•AKSHAY MODI (SURAT)
•DEVICA BISHT (TAPI)
•PURVARAJ SINH ZALA (SURENDRANAGAR)
•RAHI PATEL (MEHESANA)
•VIDHI MONANI (PORBANDAR)
WHAT DO YOU MEAN BY THE
TERM VERTICAL FARMING???...
• Vertical farming is cultivating plant
or animal life within a “skyscraper”,
“greenhouse” or on vertically
inclined surfaces.
• This word “vertical farming” was coined by
“Gilbert Ellis Bailey” in 1915 in his book “vertical
farming”.
• What he meant was not the current meaning as
“He wrote about farming underground with the
use of explosives”.
• Mixed use skyscrapers were proposed and built
by Architect “Ken Yeang”.
• Ecologist “Dickson Despommier” also told about
vertical farming, he argues that it is legitimate for
environmental reasons.
• Vertical farming promotes the mass
cultivation of plant and animal life for
commercial purposes in skyscrapers.
• The skyscraper as “Utopian device” for the
production of unlimited numbers of virgin
sites on a metropolitan location.
• Despommier’s concept of “The Vertical Farm”
emerged in 1999 at Columbia university.
• The purposes of consumption was published
as early as “Life Magazine” in 1909.
•A commercial high-rise farm such as
'The Vertical Farm' has never been
built, yet extensive photographic
documentation and several historical
books on the subject suggest that
research on the subject was not
diligently pursued. New sources
indicate that a tower hydroponicum
existed in Armenia prior to 1951.
•Ken Yeang is perhaps the most widely known architects
that has promoted the idea of the 'mixed-use' Bioclimatic
Skyscraper which combines living units and opportunities
for food production.
•Dickson Despommier, a professor of environmental health
sciences and microbiology at Columbia University in New
York City, modernized the idea of vertical farming in 1999
with graduate students in a medical ecology class.
• Although much of Despommier's suggestions have been
challenged and strongly criticized from an environmental
science and engineering point of view, the idea's
popularization in recent years has been largely the result of
Despommier's assertion that food production can be
transformed.
•Each floor will have its own watering and nutrient
monitoring systems. There will be sensors for every
single plant that tracks how much and what kinds of
nutrients the plant has absorbed. You'll even have
systems to monitor plant diseases by employing DNA
chip technologies that detect the presence of plant
pathogens by simply sampling the air and using
snippets from various viral and bacterial infections.
It's very easy to do.
•As of 2012, Vertical Harvest is working on
raising funds for an urban, small-scale vertical
farm in Jackson Hole, Wyoming.
•Despommier argues that the technology to
construct vertical farms currently exists. He also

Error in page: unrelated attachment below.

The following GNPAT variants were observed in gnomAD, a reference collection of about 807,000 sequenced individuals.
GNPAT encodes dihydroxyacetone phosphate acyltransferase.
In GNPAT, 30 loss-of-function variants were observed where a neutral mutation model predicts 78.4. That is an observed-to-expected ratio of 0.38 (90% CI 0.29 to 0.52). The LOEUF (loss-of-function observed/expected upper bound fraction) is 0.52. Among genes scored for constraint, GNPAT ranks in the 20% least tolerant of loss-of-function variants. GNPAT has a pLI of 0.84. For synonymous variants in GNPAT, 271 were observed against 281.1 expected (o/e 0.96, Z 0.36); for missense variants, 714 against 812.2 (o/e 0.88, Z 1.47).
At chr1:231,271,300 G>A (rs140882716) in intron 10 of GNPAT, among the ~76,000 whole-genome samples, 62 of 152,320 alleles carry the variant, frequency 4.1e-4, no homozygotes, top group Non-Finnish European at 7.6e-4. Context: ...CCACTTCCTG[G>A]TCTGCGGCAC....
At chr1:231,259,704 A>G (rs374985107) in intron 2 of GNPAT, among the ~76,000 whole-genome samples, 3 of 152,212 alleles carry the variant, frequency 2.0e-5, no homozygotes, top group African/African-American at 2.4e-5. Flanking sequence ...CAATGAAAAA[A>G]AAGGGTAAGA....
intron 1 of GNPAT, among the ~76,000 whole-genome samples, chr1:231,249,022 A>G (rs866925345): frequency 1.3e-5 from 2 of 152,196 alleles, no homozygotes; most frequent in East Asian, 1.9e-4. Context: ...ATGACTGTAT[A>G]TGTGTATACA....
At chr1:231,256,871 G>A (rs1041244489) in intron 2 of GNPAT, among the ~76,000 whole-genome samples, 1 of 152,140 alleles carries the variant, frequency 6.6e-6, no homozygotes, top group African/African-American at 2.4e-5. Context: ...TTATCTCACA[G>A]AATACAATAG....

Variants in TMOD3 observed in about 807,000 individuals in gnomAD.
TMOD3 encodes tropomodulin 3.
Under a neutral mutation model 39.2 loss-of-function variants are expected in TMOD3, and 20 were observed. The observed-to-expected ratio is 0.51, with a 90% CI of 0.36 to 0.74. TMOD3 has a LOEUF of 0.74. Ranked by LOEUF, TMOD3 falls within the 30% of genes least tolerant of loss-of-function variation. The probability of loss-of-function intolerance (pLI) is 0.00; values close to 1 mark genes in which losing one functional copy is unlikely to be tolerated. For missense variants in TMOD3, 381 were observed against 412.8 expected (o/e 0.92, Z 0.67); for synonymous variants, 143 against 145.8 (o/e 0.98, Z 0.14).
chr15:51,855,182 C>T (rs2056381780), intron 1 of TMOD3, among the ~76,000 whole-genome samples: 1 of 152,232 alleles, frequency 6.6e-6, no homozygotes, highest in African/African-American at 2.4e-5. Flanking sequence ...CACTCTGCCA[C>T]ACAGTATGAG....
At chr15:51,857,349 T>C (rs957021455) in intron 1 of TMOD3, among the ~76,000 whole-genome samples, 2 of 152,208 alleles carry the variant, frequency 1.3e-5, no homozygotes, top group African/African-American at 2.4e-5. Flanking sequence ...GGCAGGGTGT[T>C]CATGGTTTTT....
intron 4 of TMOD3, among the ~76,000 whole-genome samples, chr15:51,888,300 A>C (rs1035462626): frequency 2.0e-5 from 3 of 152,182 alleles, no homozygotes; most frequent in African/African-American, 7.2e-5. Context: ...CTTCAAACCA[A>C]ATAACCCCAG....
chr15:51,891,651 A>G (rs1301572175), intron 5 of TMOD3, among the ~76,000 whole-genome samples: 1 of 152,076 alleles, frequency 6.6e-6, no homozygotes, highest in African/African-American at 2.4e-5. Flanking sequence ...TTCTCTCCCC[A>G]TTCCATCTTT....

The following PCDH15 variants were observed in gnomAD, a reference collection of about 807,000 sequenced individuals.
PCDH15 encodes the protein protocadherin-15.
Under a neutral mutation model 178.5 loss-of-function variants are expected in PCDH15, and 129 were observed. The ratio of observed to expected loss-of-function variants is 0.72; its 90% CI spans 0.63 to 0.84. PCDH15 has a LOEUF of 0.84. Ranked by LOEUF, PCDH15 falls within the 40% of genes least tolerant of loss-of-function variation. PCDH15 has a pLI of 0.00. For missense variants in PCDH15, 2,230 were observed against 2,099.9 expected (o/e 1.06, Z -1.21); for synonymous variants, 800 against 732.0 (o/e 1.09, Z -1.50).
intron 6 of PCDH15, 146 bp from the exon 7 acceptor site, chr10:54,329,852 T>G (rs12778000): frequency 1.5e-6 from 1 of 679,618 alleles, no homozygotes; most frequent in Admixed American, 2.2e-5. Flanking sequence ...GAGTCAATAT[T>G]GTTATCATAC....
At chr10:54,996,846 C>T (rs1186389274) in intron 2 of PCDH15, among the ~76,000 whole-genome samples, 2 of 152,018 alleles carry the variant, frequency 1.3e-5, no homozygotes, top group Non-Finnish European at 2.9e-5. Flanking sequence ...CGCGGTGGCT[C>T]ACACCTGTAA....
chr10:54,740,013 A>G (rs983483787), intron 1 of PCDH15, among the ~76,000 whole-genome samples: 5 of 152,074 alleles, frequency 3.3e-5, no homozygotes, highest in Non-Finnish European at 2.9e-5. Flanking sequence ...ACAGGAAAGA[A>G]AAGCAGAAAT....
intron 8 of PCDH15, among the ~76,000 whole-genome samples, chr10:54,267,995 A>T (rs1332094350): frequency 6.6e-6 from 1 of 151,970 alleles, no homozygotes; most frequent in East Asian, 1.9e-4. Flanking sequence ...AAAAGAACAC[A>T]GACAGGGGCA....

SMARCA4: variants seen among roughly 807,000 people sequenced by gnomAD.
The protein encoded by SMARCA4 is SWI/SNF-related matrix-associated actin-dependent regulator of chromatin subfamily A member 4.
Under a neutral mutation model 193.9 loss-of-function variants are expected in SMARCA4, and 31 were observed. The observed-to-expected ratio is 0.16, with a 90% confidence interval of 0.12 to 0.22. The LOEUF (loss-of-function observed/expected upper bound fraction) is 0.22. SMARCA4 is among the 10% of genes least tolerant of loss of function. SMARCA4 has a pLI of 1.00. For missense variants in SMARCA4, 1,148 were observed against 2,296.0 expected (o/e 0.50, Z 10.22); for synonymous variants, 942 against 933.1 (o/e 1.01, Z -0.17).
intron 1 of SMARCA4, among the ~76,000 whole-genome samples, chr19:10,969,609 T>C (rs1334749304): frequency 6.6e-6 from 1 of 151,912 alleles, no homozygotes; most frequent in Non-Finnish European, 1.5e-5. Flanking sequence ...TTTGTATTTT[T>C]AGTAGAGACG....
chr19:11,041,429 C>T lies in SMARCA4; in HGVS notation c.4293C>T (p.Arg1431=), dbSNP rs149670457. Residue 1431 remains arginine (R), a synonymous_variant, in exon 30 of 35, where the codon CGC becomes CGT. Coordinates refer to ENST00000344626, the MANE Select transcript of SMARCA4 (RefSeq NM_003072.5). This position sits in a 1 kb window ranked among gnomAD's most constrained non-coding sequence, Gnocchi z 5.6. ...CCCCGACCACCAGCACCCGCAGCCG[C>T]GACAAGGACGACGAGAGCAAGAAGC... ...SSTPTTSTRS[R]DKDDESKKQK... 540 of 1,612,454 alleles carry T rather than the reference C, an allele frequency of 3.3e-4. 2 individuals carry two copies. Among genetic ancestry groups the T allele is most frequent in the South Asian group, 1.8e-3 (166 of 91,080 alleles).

states that the system can be profitable and
effective, a claim evidenced by some preliminary
research posted on the project's website.
•It is suggested that prototype versions of vertical
farms should be created first, possibly at large
universities interested in the research of vertical
farms, in order to prevent failures such as
the Biosphere 2 project in Oracle, Arizona.
•The produce is used to feed the zoos animals while
the project enables evaluation of the systems and
provides an educational resource to advocate for
change in unsustainable land use practices that
impact upon global biodiversity and ecosystem
services.
•In 2012, the world's first commercial vertical farm
was opened in Singapore, developed by Sky Greens
Farms, and is three stories high. They currently have
over 100 towers that stand at nine meters tall.
•A grow light or plant light is an artificial light source,
generally an electric light, designed to stimulate
plant growth by emitting an electromagnetic
spectrum appropriate for photosynthesis. Grow
lights are used in applications where there is either
no naturally occurring light, or where supplemental
light is required. For example, in the winter months
when the available hours of daylight may be
insufficient for the desired plant growth, lights are
used to extend the time the plants receive light.
•Compost is organic matter that has
been decomposed and recycled as
a fertilizer and soil amendment. Compost is a key
ingredient in organic farming. At the simplest level,
the process of composting simply requires making a
heap of wetted organic matter known as green
waste (leaves, food waste) and waiting for the
materials to break down into humus after a period of
weeks or months.
DISADVANTAGES AND
ADVANTAGES
1. The initial phase will be cost intensive, and certain
flaws integrated in the system that may appear
during its initial run can still dampen efforts for its
full maximization.
2. There will be fewer variety of foods to choose
from because not all plants and vegetables are
suitable in a controlled and limited environment.
3. The public will find it hard to reconcile with the
idea of using black water for food production.
• Grow what you want: In demand fruits and veggies can be grown all
year round despite changes in weather
• Know your food is pesticide free: Instead of worrying about
whether or not your food will make you sick, this all organic
approach promises fresh and toxin-free produce
• Reconnect with nature: If you’ve ever had the desire to work the
land, you’re in luck. The title of “urban farmer”•might be a
legitimate occupation in the near future.
• Preserve the environment: Rather than having to venture into the
rainforest and harm the last few remaining untouched parts of the
earth, we can help preserve the environment and grow our food in
cities.
• More Affordable Produce: Although start up costs are high, it is a
cost effective model that will save money down the line.